Talent Intelligence Onboarding Areas
The following is a short list of areas for which managers interested in performance should take responsibility and for which they should make use of intelligence that is gained:
· Accelerating time to productivity. Coming into a new environment can be stressful for even the most adept change seekers. Any delay in providing new hires with the guidance, equipment, and training they need to get started on what they will be held accountable for can slow the time it takes for a new employee to reach a minimum expected level of productivity. Each day of delay can frustrate the employee and may also mean the loss of thousands of dollars in revenue if product development or sales are impacted. During the intelligence-gathering process, managers should engage with the new hire to uncover his or her desired management style, perceptions of company processes (good and bad), and insight about how other organizations may have approached the new hire's role differently.
· Continuous recruiting. Having recently changed teams, the new hire has an innate interest in helping their new team succeed — and that gives both managers and recruiters a perfect opportunity to discover leads for other potential hires. By asking new hires on their first day who else is good at their former firm, managers can easily increase their supply of talent. New hires can also be asked (when appropriate) to directly help in recruiting their former colleagues.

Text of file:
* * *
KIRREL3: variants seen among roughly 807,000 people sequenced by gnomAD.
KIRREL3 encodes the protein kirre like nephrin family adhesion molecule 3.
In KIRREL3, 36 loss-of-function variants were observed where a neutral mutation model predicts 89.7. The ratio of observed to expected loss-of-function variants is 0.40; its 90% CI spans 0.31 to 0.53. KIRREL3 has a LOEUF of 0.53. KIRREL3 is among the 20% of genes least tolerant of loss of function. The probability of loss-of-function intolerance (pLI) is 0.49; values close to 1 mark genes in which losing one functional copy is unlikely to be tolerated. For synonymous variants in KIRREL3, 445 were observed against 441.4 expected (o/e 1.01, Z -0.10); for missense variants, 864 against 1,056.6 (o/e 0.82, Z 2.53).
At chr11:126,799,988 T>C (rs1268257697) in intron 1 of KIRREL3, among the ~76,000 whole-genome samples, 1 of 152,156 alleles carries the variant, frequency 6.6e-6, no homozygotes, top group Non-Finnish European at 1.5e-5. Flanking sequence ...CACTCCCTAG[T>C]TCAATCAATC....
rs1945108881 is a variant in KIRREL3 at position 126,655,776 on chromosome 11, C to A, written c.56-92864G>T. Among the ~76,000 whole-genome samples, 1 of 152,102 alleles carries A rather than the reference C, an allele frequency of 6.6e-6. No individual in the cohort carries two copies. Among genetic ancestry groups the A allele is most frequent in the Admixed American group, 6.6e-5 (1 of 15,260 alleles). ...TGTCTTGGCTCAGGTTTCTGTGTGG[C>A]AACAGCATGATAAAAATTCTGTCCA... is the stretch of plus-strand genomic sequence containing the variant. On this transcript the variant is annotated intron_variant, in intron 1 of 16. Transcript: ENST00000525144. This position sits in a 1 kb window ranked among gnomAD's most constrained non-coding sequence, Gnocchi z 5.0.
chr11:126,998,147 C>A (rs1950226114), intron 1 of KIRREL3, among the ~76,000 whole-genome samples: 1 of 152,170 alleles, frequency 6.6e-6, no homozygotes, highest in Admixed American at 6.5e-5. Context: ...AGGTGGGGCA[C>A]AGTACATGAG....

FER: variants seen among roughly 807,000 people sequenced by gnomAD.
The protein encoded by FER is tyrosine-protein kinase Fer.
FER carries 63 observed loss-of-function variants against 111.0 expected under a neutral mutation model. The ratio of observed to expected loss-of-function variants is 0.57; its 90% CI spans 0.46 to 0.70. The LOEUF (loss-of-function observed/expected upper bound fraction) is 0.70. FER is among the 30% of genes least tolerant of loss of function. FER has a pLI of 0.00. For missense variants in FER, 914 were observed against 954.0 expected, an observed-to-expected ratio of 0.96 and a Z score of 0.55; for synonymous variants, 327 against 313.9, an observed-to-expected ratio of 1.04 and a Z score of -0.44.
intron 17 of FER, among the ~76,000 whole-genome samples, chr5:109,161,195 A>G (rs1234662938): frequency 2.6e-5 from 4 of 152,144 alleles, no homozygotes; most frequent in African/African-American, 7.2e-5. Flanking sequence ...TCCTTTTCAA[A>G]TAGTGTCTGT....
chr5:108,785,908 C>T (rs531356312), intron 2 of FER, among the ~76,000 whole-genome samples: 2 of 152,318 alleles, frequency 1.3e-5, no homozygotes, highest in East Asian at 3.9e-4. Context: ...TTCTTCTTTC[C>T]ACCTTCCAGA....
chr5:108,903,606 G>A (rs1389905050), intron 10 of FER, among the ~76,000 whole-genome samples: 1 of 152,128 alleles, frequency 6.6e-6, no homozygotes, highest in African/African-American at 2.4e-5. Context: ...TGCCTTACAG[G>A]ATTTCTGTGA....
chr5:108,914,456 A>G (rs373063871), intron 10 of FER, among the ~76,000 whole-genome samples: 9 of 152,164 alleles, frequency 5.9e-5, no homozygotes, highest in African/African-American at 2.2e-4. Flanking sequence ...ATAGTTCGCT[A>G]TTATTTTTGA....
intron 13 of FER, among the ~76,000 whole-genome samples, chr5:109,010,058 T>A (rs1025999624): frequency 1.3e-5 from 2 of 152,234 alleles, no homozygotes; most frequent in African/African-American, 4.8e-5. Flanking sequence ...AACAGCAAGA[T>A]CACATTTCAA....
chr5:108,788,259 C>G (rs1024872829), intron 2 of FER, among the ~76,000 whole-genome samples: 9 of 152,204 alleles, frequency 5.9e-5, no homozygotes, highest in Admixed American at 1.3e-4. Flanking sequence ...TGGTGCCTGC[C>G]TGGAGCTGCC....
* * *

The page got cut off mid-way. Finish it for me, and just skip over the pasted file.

· Competitive intelligence. By asking new hires about the best practices of their last firm, their new managers can gather some new benchmark ideas.
· Setting a manager's expectations. On the first day, it is important for the manager to make sure that the new employee knows the manager's expectations, the departmental goals, and what important contributions the employee can make to the product and the firm.
· Understanding the employee's expectations. It is equally important for the manager to find out what expectations the new employee has in the areas of training, promotion, and preferred management and communication styles.
Innovation is an activity without boundaries, so there truly are no limits as to what opportunities can be created and leveraged during the onboarding process. But organizations must abandon the useless activities that most onboarding programs consist of, and instead embrace programs that immediate create value for both parties.
Gone are the days when an organization could afford to wait six months or longer for a new hire to become productive, or when they could pay recruiters to spend months researching potential hires when the information could have been mined in a matter of hours from existing employees. Take advantage of the opportunities before you to map the competitive landscape, using the expatriates you have just recruited. A war is underway, and you need to adopt warrior-like approaches.